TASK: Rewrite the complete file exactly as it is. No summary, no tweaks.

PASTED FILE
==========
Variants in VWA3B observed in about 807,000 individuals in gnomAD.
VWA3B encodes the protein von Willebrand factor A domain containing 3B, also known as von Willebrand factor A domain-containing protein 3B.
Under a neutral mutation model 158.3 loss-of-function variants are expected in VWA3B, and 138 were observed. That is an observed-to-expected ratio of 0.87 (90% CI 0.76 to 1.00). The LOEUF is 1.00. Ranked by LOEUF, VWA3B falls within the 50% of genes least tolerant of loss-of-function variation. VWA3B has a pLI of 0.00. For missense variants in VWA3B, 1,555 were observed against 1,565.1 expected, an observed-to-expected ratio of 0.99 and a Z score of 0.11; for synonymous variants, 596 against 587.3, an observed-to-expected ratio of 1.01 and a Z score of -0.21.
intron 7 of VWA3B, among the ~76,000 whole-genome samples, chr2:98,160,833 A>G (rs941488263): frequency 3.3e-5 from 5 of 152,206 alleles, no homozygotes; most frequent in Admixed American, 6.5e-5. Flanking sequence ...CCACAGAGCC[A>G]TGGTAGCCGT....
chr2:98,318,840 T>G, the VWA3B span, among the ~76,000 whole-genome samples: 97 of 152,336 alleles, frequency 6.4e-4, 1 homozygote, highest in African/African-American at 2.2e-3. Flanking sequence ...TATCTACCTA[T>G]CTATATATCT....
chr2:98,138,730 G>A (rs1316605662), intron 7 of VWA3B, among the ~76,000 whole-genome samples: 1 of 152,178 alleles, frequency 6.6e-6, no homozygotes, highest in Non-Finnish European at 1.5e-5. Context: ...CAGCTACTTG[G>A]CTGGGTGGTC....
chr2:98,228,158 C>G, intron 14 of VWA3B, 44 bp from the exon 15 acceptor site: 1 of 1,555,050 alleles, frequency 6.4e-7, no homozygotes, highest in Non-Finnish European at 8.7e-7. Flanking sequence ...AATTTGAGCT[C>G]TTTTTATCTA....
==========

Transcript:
Variants in VWA3B observed in about 807,000 individuals in gnomAD.
VWA3B encodes the protein von Willebrand factor A domain containing 3B, also known as von Willebrand factor A domain-containing protein 3B.
Under a neutral mutation model 158.3 loss-of-function variants are expected in VWA3B, and 138 were observed. That is an observed-to-expected ratio of 0.87 (90% CI 0.76 to 1.00). The LOEUF is 1.00. Ranked by LOEUF, VWA3B falls within the 50% of genes least tolerant of loss-of-function variation. VWA3B has a pLI of 0.00. For missense variants in VWA3B, 1,555 were observed against 1,565.1 expected, an observed-to-expected ratio of 0.99 and a Z score of 0.11; for synonymous variants, 596 against 587.3, an observed-to-expected ratio of 1.01 and a Z score of -0.21.
intron 7 of VWA3B, among the ~76,000 whole-genome samples, chr2:98,160,833 A>G (rs941488263): frequency 3.3e-5 from 5 of 152,206 alleles, no homozygotes; most frequent in Admixed American, 6.5e-5. Flanking sequence ...CCACAGAGCC[A>G]TGGTAGCCGT....
chr2:98,318,840 T>G, the VWA3B span, among the ~76,000 whole-genome samples: 97 of 152,336 alleles, frequency 6.4e-4, 1 homozygote, highest in African/African-American at 2.2e-3. Flanking sequence ...TATCTACCTA[T>G]CTATATATCT....
chr2:98,138,730 G>A (rs1316605662), intron 7 of VWA3B, among the ~76,000 whole-genome samples: 1 of 152,178 alleles, frequency 6.6e-6, no homozygotes, highest in Non-Finnish European at 1.5e-5. Context: ...CAGCTACTTG[G>A]CTGGGTGGTC....
chr2:98,228,158 C>G, intron 14 of VWA3B, 44 bp from the exon 15 acceptor site: 1 of 1,555,050 alleles, frequency 6.4e-7, no homozygotes, highest in Non-Finnish European at 8.7e-7. Flanking sequence ...AATTTGAGCT[C>G]TTTTTATCTA....